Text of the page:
The Fed won’t raise rates for at least the next six months, says expert 20 Hours Ago | 04:23Should economic barometers hold up and some of the world’s geopolitical problems get solved in a timely manner, the Fed could change its tune before 2019 is over. “Given the right underpinning, I think he’d like to raise rates at least once or twice if there’s an opportunity to do that,” said Quincy Krosby, chief market strategist at Prudential Financial. “Then he’d need a global backdrop that is solid an
The Fed is on hold for now, but some in the market are still bracing for more hikes Cached Page below :
Company: cnbc, Activity: cnbc, Date: 2019-01-31  Authors: jeff cox
Keywords: news, cnbc, companies, bracing, rates, economy, financial, solid, raise, global, market, remain, need, fed, hed, hikes, hold


The Fed is on hold for now, but some in the market are still bracing for more hikes

The Fed won’t raise rates for at least the next six months, says expert 20 Hours Ago | 04:23

Should economic barometers hold up and some of the world’s geopolitical problems get solved in a timely manner, the Fed could change its tune before 2019 is over.

“Given the right underpinning, I think he’d like to raise rates at least once or twice if there’s an opportunity to do that,” said Quincy Krosby, chief market strategist at Prudential Financial. “Then he’d need a global backdrop that is solid and a U.S. economy that is on solid footing. We have that now, but there still remain concerns that the economy is going to slow. That tug-of-war has not eased.”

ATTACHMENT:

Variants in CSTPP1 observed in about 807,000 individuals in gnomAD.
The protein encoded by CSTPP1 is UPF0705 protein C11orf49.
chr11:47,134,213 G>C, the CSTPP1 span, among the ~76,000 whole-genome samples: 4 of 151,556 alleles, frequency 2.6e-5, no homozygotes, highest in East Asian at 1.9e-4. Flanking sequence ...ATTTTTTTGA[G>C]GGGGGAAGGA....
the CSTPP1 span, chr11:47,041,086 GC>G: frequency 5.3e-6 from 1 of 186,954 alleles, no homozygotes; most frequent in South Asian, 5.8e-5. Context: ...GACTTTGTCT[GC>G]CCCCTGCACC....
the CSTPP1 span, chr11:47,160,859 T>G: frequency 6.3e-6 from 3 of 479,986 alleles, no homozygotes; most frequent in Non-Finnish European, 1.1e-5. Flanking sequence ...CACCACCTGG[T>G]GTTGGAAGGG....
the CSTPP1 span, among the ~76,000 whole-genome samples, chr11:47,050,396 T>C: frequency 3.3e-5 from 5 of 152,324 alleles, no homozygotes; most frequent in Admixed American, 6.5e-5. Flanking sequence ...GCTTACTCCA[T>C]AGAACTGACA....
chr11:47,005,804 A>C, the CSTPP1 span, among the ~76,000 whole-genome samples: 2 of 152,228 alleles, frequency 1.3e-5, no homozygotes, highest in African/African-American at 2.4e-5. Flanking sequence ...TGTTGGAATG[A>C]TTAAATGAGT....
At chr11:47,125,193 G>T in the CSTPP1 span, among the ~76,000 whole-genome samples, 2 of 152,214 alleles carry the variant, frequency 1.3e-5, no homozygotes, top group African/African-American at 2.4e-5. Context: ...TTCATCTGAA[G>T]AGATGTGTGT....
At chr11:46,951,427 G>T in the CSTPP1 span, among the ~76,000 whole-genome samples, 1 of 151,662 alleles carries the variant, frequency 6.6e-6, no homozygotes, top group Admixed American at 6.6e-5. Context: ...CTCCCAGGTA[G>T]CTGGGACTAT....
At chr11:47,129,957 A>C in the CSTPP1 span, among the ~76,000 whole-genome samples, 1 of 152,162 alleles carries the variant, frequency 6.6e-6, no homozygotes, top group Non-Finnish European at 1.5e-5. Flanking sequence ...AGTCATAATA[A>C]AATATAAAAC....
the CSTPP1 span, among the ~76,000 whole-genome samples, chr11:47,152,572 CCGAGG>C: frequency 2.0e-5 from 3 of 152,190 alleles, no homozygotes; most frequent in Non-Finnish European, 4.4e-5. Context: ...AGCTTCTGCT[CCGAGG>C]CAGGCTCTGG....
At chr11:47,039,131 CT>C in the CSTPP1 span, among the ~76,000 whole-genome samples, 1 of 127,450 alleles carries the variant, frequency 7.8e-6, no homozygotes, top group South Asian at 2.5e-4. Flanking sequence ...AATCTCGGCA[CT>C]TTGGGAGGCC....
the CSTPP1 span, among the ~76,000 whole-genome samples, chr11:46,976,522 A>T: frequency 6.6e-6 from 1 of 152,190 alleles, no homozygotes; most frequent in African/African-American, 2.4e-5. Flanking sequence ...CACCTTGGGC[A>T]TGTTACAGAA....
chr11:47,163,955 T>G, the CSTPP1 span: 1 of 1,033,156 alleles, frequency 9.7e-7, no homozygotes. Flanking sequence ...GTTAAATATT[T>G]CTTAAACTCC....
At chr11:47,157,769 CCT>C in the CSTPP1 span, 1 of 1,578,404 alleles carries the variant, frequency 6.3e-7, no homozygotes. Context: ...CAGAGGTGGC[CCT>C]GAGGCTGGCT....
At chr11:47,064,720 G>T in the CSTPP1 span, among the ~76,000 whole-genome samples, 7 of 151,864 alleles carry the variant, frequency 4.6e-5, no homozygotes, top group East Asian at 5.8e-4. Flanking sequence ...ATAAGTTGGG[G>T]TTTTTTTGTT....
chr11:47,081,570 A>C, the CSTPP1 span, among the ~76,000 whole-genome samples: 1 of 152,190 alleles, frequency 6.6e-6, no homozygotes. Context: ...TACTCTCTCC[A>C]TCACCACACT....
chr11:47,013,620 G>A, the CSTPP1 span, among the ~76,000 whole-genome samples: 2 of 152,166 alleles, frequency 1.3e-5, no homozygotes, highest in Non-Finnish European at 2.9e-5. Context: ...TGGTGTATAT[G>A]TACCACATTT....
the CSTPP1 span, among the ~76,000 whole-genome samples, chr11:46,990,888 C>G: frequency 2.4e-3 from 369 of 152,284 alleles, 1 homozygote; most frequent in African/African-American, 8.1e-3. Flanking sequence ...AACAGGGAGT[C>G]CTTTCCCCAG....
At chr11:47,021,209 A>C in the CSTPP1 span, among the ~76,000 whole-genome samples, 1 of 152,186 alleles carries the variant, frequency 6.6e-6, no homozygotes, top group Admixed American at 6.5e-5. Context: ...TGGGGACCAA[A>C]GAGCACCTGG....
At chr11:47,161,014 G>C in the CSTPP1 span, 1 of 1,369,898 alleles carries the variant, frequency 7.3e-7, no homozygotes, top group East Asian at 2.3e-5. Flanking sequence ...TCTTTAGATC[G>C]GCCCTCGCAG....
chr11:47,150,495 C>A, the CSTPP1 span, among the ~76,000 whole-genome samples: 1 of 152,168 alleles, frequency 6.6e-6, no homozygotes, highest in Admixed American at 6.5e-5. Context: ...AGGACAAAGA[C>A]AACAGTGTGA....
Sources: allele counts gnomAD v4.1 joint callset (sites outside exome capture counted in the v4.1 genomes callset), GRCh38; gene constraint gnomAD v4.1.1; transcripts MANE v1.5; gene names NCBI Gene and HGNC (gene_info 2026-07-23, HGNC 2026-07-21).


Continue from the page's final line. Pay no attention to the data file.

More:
Indeed, Powell gave no indication how long the pause would last or whether his fellow officials have changed their minds from the two hikes they had indicated in their year-end forecasts in December.

He said he still sees the U.S. economy in solid condition, but pointed out global concerns like Brexit, the Chinese economy and financial conditions that have “tightened considerably,” even though most gauges show they remain loose.

“”I would want to see a need for further rate increases,” he said at a news conference following the Federal Open Market Committee meeting.


Company: cnbc, Activity: cnbc, Date: 2019-01-31  Authors: jeff cox
Keywords: news, cnbc, companies, bracing, rates, economy, financial, solid, raise, global, market, remain, need, fed, hed, hikes, hold